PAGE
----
The End of Moores Law: Are we Facing the Creation or the Apocalypse?
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For 55 years, Moore's Law of increasing the number of transistors on a chip by approximately twice every two years has led to unprecedented advances in technology never before experienced in human history. The laptop computers we use in everyday life have computational power that only a decade ago would have been considered a supercomputer. Likewise, our smart phones are amazing instruments of rapid communication, extraordinary computational power and utility that people in even the poorest parts of the planet deem essential to their very existence. Google, Facebook and other remarkable applications all owe their success to the advances in materials science that have driven this electronics revolution. And today, the scope of electronics technology is creating the "internet of things," penetrating beyond sophisticated software applications to controlling and integrating every piece of physical equipment in our environment.
At long last, Moore's Law is inevitably reaching its end. Nothing continues in an exponential fashion forever, and the same goes for the miniaturization of transistors that has led to this computational explosion. This device shrinkage is ultimately limited by physical constraints such as the size of a single atom. But Moore's Law is less an expression of simple miniaturization of an electronic device; it is a road map for the productivity of virtually all modern, electronics-based economies. So the question that will be addressed in this talk is: "Are economics more powerful than physics?" Will progress toward increasing computational power, and its myriad of uses overcome the current, apparent limits and, if so, how? And from where will these advances emerge? These are exciting times when we are unsure if we face the creation of a new era, or the end of a period of unprecedented economic and technological growth with nothing there to replace its power going forward.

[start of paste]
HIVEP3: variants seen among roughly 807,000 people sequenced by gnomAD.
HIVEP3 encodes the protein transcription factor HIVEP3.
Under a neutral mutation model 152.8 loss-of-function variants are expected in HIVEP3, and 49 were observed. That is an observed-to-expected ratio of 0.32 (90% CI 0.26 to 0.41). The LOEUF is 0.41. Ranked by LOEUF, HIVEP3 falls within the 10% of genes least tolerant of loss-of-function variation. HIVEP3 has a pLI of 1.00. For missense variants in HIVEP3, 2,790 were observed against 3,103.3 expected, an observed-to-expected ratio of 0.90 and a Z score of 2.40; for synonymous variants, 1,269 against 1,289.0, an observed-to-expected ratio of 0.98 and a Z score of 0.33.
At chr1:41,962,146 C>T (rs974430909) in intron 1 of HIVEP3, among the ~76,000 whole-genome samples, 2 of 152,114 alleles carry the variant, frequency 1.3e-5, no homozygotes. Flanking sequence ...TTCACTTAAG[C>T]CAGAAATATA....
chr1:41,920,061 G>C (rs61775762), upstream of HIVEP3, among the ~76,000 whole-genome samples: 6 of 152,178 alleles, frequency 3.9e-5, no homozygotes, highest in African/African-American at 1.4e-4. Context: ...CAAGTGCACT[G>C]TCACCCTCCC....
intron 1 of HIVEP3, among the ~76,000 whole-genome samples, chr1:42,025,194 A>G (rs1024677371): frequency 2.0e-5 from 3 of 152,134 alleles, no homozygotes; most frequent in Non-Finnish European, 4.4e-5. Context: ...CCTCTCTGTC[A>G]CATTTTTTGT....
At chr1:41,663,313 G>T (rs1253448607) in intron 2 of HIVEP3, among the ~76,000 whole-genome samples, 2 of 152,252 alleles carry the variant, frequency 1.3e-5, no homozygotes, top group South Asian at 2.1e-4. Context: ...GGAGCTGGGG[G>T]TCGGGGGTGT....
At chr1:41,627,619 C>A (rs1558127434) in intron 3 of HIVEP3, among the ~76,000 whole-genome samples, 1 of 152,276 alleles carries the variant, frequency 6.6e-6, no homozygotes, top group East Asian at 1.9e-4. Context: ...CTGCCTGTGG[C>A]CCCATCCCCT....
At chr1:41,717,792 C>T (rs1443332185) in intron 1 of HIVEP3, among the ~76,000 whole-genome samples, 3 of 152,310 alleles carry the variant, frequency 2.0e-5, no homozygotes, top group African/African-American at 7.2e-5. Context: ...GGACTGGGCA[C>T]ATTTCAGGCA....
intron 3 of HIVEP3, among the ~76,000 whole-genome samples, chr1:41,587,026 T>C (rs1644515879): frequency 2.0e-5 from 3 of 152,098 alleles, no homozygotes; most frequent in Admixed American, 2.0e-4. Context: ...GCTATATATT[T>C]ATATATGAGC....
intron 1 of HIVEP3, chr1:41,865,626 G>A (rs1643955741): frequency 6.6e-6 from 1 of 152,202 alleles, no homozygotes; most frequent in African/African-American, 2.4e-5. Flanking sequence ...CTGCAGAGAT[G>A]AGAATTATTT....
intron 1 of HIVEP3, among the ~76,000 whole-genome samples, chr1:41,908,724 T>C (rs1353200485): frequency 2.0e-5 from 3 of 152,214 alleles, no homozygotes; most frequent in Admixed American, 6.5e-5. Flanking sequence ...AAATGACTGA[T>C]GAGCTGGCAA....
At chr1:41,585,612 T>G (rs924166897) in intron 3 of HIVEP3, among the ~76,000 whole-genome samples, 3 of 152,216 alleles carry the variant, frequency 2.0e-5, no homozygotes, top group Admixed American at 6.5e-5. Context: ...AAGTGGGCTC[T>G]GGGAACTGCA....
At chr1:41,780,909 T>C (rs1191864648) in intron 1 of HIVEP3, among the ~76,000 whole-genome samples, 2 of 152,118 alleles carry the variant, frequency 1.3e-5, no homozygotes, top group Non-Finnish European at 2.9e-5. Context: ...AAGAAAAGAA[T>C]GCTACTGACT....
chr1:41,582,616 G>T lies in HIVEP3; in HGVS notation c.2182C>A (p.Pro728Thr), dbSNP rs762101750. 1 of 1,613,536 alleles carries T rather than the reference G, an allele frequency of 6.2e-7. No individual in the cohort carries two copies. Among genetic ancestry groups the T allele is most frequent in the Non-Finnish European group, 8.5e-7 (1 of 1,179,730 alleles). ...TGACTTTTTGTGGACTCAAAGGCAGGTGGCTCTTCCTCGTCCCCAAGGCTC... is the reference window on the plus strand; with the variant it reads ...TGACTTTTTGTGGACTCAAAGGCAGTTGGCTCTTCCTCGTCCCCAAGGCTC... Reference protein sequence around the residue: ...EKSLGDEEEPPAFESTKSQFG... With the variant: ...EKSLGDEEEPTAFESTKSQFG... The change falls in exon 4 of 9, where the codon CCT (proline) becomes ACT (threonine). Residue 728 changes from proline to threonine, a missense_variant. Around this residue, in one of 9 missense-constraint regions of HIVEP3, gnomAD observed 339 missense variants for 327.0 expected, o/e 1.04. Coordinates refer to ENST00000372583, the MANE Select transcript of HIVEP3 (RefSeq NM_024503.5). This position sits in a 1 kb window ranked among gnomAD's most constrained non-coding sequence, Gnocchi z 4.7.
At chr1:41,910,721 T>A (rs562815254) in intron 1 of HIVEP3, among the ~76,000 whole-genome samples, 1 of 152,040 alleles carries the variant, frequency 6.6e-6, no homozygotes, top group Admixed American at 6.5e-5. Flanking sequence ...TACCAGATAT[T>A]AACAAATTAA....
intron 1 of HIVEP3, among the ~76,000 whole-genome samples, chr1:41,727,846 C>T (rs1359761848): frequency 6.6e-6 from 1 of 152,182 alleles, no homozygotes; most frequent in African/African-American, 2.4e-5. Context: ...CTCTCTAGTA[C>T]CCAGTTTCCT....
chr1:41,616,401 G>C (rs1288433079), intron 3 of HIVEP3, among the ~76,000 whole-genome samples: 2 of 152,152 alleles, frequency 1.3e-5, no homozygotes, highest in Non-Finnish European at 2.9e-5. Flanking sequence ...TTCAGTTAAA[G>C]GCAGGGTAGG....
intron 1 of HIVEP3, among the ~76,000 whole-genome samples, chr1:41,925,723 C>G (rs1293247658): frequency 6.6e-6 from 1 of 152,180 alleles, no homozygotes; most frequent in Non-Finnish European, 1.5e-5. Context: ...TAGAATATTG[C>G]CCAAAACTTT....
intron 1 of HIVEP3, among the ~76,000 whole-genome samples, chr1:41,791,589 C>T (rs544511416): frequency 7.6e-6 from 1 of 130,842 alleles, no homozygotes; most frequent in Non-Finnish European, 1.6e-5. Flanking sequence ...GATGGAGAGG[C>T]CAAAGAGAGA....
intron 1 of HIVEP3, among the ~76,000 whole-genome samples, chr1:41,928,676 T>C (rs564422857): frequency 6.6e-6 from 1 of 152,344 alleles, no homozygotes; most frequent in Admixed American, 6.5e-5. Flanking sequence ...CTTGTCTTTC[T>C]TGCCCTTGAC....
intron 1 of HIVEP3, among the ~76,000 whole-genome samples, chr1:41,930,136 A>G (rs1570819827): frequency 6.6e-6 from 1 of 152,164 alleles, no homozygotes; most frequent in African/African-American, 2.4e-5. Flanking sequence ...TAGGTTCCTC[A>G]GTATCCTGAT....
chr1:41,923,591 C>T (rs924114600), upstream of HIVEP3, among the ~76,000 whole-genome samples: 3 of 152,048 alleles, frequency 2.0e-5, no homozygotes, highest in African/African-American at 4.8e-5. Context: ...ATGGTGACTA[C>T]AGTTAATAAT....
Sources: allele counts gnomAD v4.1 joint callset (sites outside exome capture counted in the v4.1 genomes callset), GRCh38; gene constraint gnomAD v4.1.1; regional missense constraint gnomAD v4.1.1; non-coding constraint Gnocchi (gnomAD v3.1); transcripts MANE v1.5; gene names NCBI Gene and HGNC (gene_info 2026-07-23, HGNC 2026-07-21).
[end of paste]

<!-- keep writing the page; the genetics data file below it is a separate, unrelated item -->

Steve Forrest, Peter A. Franken Distinguished University Professor, is a professor of Electrical Engineering and Computer Science, Physics, and Materials Science and Engineering. He is director of the Optoelectronic Components and Materials Group. He and his group conduct research on photovoltaic cells, organic light emitting diodes, and lasers & optics. His investigations in these areas span decades, and have resulted in five startup companies, 277 issued patents, and key technologies that are pervasive in the marketplace. In addition, he has graduated 54 Ph.D. students.
In 1985, Prof. Forrest joined the Electrical Engineering and Materials Science Departments at USC. In 1992, Prof. Forrest became the James S. McDonnell Distinguished University Professor of Electrical Engineering at Princeton University. He served as director of the National Center for Integrated Photonic Technology, and as Director of Princeton's Center for Photonics and Optoelectronic Materials (POEM), and from 1997-2001, he chaired Princeton's Electrical Engineering Department. In 2006, he rejoined the University of Michigan as Vice President for Research, and returned to research full time in 2013.
Prof. Forrest is a Fellow of the APS, IEEE, OSA and, most recently, NAI. He is a member of the National Academy of Engineering. He received numerous distinctions throughout his career, including the IEEE/LEOS Distinguished Lecturer Award, the IPO National Distinguished Inventor Award (co-recipient), the Thomas Alva Edison Award, the MRS Medal, the IEEE/LEOS William Streifer Scientific Achievement Award, the Jan Rajchman Prize from the Society for Information Display, and the 2007 IEEE Daniel Nobel Award. Prof. Forrest has been honored by Princeton University establishing the Stephen R. Forrest Endowed Faculty Chair in Electrical Engineering in 2012.
Prof. Forrest has authored ~554 papers in refereed journals, and has 280 patents, with an h-index of 124 (Thomson Reuters) / 136 (Google Scholar). In May, 2015, Prof. Forrest was named the University of Michigan Distinguished University Innovator.
He is co-founder or founding participant in several companies, including Sensors Unlimited, Epitaxx, Inc., NanoFlex Power Corp. (OTC: OPVS), Universal Display Corp. (NASDAQ: OLED) and Apogee Photonics, Inc., and is on the Board of Directors of Applied Materials and PD-LD, Inc. He has also served from 2009-2012 as Chairman of the Board of Ann Arbor SPARK, the regional economic development organization, and serves on the Board of Governors of the Technion "“ Israel Institute of Technology. He is Chairman of the Board of the University Musical Society.